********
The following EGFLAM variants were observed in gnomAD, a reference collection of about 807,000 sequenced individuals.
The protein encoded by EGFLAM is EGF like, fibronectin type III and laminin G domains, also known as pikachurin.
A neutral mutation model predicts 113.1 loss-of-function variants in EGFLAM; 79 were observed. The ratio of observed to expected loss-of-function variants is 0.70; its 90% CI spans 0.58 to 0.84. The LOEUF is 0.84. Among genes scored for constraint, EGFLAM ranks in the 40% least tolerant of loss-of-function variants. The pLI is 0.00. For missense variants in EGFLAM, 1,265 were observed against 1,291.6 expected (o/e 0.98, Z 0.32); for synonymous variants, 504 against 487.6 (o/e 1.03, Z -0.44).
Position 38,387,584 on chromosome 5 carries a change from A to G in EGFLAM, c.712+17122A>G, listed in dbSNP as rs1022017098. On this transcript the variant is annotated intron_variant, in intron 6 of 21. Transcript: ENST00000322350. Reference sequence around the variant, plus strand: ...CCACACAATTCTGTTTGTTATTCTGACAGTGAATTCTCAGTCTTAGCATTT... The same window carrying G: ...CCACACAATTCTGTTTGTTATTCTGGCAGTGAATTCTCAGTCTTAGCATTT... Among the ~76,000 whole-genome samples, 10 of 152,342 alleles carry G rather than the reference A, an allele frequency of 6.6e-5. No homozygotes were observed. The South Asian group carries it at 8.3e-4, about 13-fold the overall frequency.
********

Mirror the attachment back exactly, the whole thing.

The following EGFLAM variants were observed in gnomAD, a reference collection of about 807,000 sequenced individuals.
The protein encoded by EGFLAM is EGF like, fibronectin type III and laminin G domains, also known as pikachurin.
A neutral mutation model predicts 113.1 loss-of-function variants in EGFLAM; 79 were observed. The ratio of observed to expected loss-of-function variants is 0.70; its 90% CI spans 0.58 to 0.84. The LOEUF is 0.84. Among genes scored for constraint, EGFLAM ranks in the 40% least tolerant of loss-of-function variants. The pLI is 0.00. For missense variants in EGFLAM, 1,265 were observed against 1,291.6 expected (o/e 0.98, Z 0.32); for synonymous variants, 504 against 487.6 (o/e 1.03, Z -0.44).
Position 38,387,584 on chromosome 5 carries a change from A to G in EGFLAM, c.712+17122A>G, listed in dbSNP as rs1022017098. On this transcript the variant is annotated intron_variant, in intron 6 of 21. Transcript: ENST00000322350. Reference sequence around the variant, plus strand: ...CCACACAATTCTGTTTGTTATTCTGACAGTGAATTCTCAGTCTTAGCATTT... The same window carrying G: ...CCACACAATTCTGTTTGTTATTCTGGCAGTGAATTCTCAGTCTTAGCATTT... Among the ~76,000 whole-genome samples, 10 of 152,342 alleles carry G rather than the reference A, an allele frequency of 6.6e-5. No homozygotes were observed. The South Asian group carries it at 8.3e-4, about 13-fold the overall frequency.